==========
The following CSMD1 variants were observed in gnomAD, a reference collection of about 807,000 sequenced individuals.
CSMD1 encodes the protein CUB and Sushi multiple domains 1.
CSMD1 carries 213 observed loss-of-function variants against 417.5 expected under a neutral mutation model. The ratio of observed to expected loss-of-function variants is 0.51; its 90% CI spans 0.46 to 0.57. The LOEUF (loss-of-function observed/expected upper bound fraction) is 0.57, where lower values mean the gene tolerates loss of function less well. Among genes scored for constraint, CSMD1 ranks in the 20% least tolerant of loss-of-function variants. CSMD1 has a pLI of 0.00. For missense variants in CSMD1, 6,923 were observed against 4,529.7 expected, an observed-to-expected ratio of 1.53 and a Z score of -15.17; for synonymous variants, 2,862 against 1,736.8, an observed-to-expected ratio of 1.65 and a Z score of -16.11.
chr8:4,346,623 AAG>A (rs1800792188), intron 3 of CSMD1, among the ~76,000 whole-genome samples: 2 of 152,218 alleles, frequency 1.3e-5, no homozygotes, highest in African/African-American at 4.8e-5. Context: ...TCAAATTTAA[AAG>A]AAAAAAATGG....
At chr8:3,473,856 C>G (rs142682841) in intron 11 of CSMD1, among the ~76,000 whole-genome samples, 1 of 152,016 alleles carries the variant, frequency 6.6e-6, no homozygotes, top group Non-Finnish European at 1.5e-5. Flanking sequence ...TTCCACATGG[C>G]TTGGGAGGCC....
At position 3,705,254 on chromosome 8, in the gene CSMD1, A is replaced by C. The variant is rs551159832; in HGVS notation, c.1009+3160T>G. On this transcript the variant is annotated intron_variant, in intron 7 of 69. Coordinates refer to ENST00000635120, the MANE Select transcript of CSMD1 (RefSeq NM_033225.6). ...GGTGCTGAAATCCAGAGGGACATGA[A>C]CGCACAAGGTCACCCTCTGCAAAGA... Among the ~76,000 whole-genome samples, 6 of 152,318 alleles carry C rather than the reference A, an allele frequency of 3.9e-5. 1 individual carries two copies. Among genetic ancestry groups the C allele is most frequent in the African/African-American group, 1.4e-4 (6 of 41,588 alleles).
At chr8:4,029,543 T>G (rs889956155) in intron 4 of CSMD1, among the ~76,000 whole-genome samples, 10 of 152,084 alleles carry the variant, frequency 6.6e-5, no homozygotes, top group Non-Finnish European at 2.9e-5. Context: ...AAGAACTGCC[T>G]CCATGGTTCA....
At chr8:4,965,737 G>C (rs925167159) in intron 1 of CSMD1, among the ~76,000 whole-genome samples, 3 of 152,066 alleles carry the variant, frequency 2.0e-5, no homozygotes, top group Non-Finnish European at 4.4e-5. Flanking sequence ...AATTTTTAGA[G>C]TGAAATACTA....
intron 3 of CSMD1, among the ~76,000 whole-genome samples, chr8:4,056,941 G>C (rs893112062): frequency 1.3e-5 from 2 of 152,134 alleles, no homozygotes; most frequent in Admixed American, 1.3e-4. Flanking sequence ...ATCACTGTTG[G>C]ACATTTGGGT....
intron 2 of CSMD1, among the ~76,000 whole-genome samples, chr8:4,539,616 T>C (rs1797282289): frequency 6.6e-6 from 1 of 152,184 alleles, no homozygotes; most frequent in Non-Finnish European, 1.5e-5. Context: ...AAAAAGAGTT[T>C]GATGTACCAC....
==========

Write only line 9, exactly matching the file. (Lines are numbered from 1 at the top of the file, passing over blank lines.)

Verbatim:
intron 3 of CSMD1, among the ~76,000 whole-genome samples, chr8:4,056,941 G>C (rs893112062): frequency 1.3e-5 from 2 of 152,134 alleles, no homozygotes; most frequent in Admixed American, 1.3e-4. Flanking sequence ...ATCACTGTTG[G>C]ACATTTGGGT....